Although cases of monkeypox have been reported outside of affected areas of Central and West Africa previously, the virus is making headlines in parts of Europe now because this is the first time cases have been identified in persons with no recent history of travel to affected areas and no history of contact with previous imported cases.

Is it dangerous? 

Most people will recover without treatment, and it is only in rare cases that you see serious illness. Monkeypox very rarely leads to death, according to the NIPH. 

The health institute also said that it would be possible to manage the disease without classifying it as “generally dangerous”.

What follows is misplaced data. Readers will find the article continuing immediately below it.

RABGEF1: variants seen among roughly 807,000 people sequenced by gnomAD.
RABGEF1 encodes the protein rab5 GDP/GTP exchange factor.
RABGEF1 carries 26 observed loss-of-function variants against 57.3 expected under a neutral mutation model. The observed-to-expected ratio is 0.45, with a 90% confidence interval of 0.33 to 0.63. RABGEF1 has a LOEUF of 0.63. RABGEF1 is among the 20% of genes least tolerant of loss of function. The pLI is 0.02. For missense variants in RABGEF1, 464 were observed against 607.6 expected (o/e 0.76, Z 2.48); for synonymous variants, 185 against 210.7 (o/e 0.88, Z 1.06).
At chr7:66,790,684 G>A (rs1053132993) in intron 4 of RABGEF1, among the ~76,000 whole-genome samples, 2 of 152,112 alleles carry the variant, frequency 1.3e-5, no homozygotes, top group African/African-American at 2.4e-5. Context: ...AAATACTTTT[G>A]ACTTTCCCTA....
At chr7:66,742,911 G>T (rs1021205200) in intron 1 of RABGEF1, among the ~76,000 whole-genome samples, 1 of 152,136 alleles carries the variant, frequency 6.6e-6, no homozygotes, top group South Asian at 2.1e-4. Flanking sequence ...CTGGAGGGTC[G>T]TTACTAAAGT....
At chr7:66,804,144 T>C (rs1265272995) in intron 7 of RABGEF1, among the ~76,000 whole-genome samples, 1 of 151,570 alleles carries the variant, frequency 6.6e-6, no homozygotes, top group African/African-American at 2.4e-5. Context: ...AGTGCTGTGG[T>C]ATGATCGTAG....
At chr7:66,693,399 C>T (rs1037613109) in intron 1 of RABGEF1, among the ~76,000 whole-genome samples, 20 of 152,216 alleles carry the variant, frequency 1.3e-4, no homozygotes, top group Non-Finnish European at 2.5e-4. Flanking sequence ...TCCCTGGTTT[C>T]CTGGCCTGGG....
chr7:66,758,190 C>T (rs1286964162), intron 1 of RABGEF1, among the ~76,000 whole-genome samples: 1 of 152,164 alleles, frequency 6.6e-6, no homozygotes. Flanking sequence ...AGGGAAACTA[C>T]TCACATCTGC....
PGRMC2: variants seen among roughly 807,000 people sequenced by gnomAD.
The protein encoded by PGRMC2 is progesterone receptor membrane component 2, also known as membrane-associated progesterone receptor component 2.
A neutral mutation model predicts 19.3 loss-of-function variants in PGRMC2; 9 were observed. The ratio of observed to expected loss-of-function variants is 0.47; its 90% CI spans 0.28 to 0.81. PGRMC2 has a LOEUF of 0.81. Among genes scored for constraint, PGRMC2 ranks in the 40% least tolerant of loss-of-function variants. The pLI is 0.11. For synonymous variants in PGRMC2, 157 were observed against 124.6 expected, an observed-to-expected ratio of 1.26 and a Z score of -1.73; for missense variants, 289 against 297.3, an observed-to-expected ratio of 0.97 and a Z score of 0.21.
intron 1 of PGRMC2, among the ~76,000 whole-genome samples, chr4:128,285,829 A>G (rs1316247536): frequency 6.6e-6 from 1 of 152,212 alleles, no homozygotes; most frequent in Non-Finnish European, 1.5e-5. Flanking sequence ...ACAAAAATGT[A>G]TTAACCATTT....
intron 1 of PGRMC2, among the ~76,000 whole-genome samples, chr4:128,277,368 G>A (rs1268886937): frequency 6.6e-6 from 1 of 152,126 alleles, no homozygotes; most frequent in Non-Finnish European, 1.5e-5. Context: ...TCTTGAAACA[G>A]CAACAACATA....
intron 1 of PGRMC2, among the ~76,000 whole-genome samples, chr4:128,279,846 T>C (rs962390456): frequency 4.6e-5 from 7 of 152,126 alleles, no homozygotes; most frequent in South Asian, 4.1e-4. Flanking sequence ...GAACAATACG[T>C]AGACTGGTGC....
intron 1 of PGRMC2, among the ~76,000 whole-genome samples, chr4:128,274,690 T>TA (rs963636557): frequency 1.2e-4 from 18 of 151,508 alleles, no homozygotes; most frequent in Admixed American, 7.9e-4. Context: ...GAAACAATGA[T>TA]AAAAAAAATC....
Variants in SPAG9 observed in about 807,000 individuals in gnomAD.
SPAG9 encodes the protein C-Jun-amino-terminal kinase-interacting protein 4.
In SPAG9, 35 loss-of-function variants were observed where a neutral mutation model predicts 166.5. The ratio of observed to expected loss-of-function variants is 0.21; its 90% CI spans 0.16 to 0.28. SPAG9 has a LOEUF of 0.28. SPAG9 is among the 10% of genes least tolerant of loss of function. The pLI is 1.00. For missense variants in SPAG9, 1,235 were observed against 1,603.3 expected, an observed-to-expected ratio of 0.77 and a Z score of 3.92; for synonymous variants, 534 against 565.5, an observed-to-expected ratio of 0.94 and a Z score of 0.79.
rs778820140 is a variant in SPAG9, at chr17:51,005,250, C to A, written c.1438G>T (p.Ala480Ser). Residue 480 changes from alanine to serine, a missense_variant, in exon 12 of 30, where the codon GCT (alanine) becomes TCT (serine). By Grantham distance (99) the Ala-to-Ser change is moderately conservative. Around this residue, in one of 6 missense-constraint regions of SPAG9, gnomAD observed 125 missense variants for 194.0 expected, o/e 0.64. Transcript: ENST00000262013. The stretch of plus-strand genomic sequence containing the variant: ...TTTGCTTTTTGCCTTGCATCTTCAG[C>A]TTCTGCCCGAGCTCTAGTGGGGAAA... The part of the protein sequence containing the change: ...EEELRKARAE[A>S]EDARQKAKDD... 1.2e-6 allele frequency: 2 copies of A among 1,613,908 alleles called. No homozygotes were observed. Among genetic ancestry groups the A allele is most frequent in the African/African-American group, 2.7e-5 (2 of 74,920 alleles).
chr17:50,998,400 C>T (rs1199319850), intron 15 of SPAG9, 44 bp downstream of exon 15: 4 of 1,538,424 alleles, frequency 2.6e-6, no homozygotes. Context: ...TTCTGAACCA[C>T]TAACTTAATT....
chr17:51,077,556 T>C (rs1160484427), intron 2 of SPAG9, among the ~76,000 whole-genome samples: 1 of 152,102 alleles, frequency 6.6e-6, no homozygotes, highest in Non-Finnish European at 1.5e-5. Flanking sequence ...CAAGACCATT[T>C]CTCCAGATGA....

Could this cause a new pandemic? 

It’s unlikely, Elgh believes. He told TT that “this is not a new pandemic”.

“The general public does not need to be worried about monkeypox,” he added. “But my belief and hope are that this will not be a pandemic like corona. The most likely scenario is that as long as we contact trace properly, it will ebb out,” he told TT.

He explained that the two viruses are different types of viruses, meaning that monkeypox cannot adapt as easily as the Covid-19 virus.

“Monkeypox is a DNA virus, while coronavirus is a RNA virus,” he explained to TT. “DNA viruses are much more stable, which means that you don’t need to be worried that they will adapt as quickly. It would take a lot and a long time before they adapt to humans.”

Norway’s public health authority also said that the risk of further infection from the one reported case was low. 

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HEALTH

Norway announces review to tackle ‘crisis’ in GP system